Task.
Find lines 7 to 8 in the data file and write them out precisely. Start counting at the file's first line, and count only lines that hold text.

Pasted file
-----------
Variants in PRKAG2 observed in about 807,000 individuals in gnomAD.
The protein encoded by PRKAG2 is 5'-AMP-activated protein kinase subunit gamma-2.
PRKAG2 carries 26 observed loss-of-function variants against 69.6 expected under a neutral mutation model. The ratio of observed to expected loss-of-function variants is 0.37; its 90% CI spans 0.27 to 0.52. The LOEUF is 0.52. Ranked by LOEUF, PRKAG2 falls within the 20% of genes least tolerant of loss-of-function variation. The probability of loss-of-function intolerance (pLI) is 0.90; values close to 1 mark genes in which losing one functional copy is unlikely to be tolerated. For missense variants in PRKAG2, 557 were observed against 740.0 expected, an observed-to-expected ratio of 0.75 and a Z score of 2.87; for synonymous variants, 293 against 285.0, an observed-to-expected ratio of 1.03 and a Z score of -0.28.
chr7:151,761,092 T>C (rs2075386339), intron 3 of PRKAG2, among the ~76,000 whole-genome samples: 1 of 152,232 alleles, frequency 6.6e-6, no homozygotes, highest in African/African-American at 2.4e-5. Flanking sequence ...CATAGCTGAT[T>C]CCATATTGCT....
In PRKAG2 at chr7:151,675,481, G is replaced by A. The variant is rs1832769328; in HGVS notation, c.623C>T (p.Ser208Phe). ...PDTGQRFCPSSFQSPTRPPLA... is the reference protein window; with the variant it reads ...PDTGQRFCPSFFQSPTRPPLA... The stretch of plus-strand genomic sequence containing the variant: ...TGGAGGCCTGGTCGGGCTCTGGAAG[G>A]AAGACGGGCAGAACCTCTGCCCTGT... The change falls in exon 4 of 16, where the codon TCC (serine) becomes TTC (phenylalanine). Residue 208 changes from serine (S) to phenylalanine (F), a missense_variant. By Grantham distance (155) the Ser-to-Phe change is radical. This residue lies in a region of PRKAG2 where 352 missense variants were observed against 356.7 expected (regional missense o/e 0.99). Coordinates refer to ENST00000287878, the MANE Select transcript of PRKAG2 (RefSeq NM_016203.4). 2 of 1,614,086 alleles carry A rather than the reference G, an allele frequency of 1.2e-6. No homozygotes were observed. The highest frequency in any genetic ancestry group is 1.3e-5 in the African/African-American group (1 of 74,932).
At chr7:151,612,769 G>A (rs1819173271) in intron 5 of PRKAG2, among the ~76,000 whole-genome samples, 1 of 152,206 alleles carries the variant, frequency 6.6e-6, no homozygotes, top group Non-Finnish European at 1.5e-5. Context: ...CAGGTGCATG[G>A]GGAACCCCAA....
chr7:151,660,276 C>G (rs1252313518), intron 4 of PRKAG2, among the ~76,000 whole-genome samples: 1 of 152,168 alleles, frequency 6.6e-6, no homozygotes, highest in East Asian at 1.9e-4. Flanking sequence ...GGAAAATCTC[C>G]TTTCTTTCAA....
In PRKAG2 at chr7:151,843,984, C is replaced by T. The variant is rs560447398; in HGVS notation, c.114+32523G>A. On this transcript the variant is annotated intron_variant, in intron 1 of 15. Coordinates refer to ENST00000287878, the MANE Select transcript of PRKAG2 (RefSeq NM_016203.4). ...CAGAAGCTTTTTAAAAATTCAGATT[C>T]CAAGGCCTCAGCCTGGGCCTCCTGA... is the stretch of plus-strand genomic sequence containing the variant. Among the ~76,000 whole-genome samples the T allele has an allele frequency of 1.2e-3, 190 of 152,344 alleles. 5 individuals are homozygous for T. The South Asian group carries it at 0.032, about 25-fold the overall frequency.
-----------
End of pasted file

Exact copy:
chr7:151,660,276 C>G (rs1252313518), intron 4 of PRKAG2, among the ~76,000 whole-genome samples: 1 of 152,168 alleles, frequency 6.6e-6, no homozygotes, highest in East Asian at 1.9e-4. Flanking sequence ...GGAAAATCTC[C>G]TTTCTTTCAA....
In PRKAG2 at chr7:151,843,984, C is replaced by T. The variant is rs560447398; in HGVS notation, c.114+32523G>A. On this transcript the variant is annotated intron_variant, in intron 1 of 15. Coordinates refer to ENST00000287878, the MANE Select transcript of PRKAG2 (RefSeq NM_016203.4). ...CAGAAGCTTTTTAAAAATTCAGATT[C>T]CAAGGCCTCAGCCTGGGCCTCCTGA... is the stretch of plus-strand genomic sequence containing the variant. Among the ~76,000 whole-genome samples the T allele has an allele frequency of 1.2e-3, 190 of 152,344 alleles. 5 individuals are homozygous for T. The South Asian group carries it at 0.032, about 25-fold the overall frequency.